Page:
| 2012 |
Junior High Sports School No 3
In 2009, a statue by Israeli artist Yael Artsi entitled Prayer was placed on the main square in Międzyrzec Podlaski. The figure sculpted in red and black granite is to raise associations with blood, earth and man. The smoothness of the figure is contrasted with the coarse texture of the prayer shawl’s tzitzit. It symbolizes the gap between the Jewish life in Międzyrzec and what is left of it.
The town used to house a synagogue and 20 houses of prayer, 45 cheders, a Jewish slaughterhouse, a hospital and two cemeteries. A weekly magazine entitled Podlaszier Lebn was published here, as well as books in Yiddish, and the Jewish volunteer fire brigade had its own orchestra. Most employees of the Międzyrzec brush factory were Jews, generating millions of dollars of profit, and their goods were exported to China and America. Before the war, Jews amounted to 75% of the inhabitants of the town. During the 1942 liquidation action, Germans deported most of them to death camps in Treblinka and Majdanek.
Today, the only material testimony to the almost 500-year presence of Jews in Międzyrzec – apart from reconstructed buildings of the fire brigade and hospital – is the Jewish cemetery. However, a lot is happening in the town. Międzyrzec became a partner town of Petah Tikva in Israel, Jewish trips visit the town and the school organizes a student exchange with Israel. And finally, School of Dialogue workshops are organized at the Junior High Sports School.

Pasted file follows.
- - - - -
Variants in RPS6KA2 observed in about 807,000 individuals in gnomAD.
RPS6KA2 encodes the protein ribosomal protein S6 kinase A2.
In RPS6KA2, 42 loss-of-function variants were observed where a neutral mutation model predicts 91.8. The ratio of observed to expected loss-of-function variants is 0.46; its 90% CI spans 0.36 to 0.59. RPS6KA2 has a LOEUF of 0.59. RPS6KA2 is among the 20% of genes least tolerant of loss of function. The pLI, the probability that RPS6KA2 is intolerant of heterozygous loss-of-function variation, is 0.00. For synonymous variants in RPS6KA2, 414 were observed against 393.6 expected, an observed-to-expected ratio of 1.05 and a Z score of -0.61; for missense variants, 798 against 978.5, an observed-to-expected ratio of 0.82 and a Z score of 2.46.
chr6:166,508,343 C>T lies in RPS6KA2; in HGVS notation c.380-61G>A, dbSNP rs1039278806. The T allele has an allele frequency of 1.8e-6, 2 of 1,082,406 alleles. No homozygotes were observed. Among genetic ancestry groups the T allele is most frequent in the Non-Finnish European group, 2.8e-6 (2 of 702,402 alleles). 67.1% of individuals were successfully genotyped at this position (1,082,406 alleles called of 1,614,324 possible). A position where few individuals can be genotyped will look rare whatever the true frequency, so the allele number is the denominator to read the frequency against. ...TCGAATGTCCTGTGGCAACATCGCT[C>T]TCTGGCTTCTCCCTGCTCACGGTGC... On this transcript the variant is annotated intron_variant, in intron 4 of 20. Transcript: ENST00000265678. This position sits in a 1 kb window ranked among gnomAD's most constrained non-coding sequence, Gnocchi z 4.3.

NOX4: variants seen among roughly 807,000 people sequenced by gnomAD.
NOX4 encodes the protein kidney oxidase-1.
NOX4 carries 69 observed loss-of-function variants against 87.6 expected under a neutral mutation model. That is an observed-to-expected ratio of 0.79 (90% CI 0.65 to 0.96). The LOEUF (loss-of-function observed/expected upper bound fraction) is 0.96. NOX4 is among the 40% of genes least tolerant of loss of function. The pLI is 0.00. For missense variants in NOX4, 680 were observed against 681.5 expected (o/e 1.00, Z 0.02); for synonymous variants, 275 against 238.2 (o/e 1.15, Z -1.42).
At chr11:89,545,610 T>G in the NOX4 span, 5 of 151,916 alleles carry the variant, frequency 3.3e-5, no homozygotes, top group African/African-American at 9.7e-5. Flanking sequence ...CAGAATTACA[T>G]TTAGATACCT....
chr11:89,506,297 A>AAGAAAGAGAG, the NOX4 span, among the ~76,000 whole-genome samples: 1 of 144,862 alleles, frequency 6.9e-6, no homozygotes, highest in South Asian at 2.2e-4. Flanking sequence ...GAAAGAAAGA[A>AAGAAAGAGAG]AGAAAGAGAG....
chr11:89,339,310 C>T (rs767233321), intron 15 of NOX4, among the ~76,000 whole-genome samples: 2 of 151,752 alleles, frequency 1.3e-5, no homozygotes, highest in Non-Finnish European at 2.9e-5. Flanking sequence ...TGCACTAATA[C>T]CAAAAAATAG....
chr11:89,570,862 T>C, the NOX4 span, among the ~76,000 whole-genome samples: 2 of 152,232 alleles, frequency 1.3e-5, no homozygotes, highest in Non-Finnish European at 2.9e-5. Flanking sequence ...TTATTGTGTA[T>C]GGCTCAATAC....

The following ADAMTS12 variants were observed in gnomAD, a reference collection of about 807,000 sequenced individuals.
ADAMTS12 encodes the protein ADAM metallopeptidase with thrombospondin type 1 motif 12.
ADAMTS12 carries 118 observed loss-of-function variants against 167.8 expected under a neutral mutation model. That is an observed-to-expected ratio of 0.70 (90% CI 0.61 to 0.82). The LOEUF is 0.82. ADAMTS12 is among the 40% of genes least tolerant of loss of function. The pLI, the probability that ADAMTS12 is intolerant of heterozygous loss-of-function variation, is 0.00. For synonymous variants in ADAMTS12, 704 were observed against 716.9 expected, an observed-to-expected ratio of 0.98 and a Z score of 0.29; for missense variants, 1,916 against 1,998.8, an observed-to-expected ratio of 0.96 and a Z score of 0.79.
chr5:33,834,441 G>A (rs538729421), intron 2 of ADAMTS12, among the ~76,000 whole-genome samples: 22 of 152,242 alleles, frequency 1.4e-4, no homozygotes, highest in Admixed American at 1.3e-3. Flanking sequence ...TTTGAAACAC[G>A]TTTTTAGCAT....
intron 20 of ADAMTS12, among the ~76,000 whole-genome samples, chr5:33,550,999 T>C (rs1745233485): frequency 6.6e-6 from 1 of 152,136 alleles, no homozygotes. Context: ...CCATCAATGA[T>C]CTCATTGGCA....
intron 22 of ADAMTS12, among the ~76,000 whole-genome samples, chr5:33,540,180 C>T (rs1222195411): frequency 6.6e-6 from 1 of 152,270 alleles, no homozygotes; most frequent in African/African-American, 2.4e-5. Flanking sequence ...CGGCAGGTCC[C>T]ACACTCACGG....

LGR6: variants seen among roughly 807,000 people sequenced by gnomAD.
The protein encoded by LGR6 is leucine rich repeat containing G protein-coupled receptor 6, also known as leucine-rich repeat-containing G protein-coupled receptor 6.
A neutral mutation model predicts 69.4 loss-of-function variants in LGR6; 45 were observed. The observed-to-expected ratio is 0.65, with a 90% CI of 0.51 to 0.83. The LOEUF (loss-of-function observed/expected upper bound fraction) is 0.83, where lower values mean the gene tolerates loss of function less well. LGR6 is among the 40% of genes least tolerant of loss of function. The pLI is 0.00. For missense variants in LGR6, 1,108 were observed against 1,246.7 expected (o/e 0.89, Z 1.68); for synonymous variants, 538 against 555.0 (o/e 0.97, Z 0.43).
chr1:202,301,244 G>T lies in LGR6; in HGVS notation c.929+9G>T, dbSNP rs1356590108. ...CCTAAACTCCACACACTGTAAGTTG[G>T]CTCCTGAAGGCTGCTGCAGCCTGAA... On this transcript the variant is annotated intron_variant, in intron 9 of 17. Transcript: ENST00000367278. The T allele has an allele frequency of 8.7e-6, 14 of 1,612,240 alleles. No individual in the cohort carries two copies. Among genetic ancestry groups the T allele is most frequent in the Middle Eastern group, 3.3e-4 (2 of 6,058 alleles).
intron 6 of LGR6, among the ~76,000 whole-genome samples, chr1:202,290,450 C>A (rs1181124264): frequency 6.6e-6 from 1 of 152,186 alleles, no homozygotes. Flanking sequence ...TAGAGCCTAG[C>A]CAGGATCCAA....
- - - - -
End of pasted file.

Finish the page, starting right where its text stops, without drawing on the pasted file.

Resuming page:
Through the program, students are able to rediscover their town. Most of them visit the Jewish cemetery for the first time. They find out the meaning of words such as mikveh or matzevah, and learn where the Jewish slaughterhouse and synagogue used to stand. Workshop activities prove to be a novelty, and the independent project work poses a challenge.
During one of the workshops, students meet with a graduate of their school, Mateusz Borysiuk – a PhD student at the Institute of Political Science of the Maria Skłodowska-Curie University fascinated with the history of Międzyrzec Jews, who works with national minorities of southern Podlachia and is eager to talk about his research.
After weeks of preparations, reading publications and looking for information on the pre-war Międzyrzec, students of the School of Dialogue invited their peers from other schools to a walking tour through the town of Międzyrzec Jews. They go to the cemetery, where Bartek talks about the symbols found on tombstones: what a menorah, a lion or hands signify, and that a tree with leaves denotes premature death. Students move to the building of the bristle room – almost unchanged, merely plastered.
Then they go to “Szmulowizna”, in front of the former “Olimpia” cinema, which retained its name, but now houses a club. On to the building of the former Jewish, now municipal hospital. And to the place where the synagogue used to stand, now occupied by blocks of flats. And finally to the main square, where women muffled in shawls used to sell goods from wooden stalls, and where now the Prayer sculpture may be seen. The tour ends with the exhibition of students’ works Collagraphy and linocut inspired by Jewish motifs. Everything is documented on film and in photographs. Students’ accounts prove that the former inhabitants of Międzyrzec are no longer that alien to them, while the contrast between the coarse tzitzit and the smooth figure in Yael Artsi’s sculpture seems to have become slightly blurred.
Junior High Sports School No. 3
2nd year students
Maria Pawlak, Anna Witek
School of Dialogue program in Międzyrzec Podlaski was made possible by the support from PHYLLIS GOULD and ROBERT POTOKER.
Project co-financed from the funds granted by the Dutch Jewish Humanitarian Fund.
In appreciation to Friends of the Forum for supporting the School of Dialogue educational program.